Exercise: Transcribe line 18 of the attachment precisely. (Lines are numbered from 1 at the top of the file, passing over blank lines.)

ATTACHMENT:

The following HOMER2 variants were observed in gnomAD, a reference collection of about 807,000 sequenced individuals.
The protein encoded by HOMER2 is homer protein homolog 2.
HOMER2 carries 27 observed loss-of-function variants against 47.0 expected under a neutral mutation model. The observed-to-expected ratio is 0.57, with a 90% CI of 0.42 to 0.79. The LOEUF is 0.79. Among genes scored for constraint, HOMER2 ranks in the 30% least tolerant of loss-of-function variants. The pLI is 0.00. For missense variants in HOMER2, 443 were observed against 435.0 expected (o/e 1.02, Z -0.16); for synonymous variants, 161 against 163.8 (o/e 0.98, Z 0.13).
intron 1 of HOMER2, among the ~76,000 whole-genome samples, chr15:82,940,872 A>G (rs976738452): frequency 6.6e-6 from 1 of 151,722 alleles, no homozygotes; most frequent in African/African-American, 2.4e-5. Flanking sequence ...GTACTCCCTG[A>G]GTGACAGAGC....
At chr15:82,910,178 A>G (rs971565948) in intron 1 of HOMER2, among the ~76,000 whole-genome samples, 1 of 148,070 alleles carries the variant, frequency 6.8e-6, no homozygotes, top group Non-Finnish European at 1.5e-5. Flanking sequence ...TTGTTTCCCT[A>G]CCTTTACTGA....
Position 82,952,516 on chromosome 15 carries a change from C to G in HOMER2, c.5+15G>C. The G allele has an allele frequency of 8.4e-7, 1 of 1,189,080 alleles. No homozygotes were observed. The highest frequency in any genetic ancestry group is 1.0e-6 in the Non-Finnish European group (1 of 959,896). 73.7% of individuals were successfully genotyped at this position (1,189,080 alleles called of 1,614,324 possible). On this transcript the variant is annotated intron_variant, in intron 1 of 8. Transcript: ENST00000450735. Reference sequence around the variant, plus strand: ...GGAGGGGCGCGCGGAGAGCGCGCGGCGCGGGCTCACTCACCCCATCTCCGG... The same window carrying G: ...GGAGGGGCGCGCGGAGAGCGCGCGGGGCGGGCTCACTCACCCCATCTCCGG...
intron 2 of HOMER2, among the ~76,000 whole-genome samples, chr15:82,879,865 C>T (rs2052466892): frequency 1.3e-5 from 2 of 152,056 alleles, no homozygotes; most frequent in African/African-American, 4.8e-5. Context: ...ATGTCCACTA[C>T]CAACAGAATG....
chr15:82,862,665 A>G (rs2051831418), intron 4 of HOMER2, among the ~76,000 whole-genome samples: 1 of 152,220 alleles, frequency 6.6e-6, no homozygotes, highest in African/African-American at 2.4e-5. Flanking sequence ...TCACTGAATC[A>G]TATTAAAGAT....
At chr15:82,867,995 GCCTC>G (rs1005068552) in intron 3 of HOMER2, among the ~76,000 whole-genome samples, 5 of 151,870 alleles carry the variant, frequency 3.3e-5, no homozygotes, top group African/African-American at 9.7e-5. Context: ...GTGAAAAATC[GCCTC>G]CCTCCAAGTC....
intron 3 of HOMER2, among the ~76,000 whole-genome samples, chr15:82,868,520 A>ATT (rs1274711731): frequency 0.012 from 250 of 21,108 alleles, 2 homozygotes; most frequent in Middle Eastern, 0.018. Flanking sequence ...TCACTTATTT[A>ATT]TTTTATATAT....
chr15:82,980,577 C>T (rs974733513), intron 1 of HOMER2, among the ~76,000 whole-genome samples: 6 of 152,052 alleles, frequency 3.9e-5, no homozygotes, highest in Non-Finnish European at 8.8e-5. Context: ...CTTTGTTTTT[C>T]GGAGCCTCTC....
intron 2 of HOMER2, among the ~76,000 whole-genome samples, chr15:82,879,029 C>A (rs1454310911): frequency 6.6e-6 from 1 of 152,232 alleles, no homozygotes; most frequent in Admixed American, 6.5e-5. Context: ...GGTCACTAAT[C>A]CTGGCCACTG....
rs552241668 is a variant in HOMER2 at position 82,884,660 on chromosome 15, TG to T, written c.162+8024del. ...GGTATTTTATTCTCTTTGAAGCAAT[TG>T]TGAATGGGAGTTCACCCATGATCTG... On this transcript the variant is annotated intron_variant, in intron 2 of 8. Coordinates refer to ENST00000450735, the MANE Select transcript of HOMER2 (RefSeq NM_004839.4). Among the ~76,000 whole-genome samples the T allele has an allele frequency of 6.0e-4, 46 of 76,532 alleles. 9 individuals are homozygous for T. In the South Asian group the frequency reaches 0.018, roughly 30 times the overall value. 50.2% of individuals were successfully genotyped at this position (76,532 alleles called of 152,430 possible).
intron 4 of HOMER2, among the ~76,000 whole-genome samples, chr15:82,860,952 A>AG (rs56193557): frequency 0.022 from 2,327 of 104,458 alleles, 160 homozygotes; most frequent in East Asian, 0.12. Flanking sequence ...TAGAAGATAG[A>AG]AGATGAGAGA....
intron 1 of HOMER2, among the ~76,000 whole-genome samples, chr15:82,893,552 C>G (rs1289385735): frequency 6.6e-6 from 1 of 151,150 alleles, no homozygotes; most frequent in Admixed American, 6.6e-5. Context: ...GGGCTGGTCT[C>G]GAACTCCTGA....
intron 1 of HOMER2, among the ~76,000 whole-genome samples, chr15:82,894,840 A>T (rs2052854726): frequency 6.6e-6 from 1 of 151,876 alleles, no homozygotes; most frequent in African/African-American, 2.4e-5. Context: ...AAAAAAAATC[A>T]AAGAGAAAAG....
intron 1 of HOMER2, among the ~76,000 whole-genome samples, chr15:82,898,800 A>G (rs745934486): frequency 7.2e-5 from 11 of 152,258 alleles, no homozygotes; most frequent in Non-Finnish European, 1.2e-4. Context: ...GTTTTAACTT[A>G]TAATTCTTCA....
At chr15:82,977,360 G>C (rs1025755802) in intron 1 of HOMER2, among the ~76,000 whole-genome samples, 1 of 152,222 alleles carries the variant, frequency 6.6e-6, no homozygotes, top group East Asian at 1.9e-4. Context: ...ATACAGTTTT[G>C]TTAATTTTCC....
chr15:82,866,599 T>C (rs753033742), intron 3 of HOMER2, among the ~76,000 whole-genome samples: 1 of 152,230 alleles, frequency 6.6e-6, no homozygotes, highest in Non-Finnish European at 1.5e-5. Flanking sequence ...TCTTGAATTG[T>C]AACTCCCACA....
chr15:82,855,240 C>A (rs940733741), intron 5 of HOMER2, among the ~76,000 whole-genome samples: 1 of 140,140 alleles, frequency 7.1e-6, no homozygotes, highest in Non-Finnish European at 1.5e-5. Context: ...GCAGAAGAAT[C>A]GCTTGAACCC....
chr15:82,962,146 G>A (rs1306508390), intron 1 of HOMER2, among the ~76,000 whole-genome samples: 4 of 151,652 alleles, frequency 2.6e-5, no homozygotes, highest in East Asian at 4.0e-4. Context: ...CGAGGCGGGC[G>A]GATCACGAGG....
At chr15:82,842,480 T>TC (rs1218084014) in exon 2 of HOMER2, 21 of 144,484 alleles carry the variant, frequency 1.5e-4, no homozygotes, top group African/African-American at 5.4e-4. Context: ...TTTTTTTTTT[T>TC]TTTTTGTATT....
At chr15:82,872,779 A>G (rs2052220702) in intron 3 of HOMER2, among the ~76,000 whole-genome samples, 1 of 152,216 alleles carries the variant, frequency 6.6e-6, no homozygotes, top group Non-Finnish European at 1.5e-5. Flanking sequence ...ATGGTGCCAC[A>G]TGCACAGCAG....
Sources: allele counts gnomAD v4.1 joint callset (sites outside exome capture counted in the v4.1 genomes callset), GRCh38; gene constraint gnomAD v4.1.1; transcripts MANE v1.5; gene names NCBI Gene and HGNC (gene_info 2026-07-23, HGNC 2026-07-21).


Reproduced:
At chr15:82,977,360 G>C (rs1025755802) in intron 1 of HOMER2, among the ~76,000 whole-genome samples, 1 of 152,222 alleles carries the variant, frequency 6.6e-6, no homozygotes, top group East Asian at 1.9e-4. Context: ...ATACAGTTTT[G>C]TTAATTTTCC....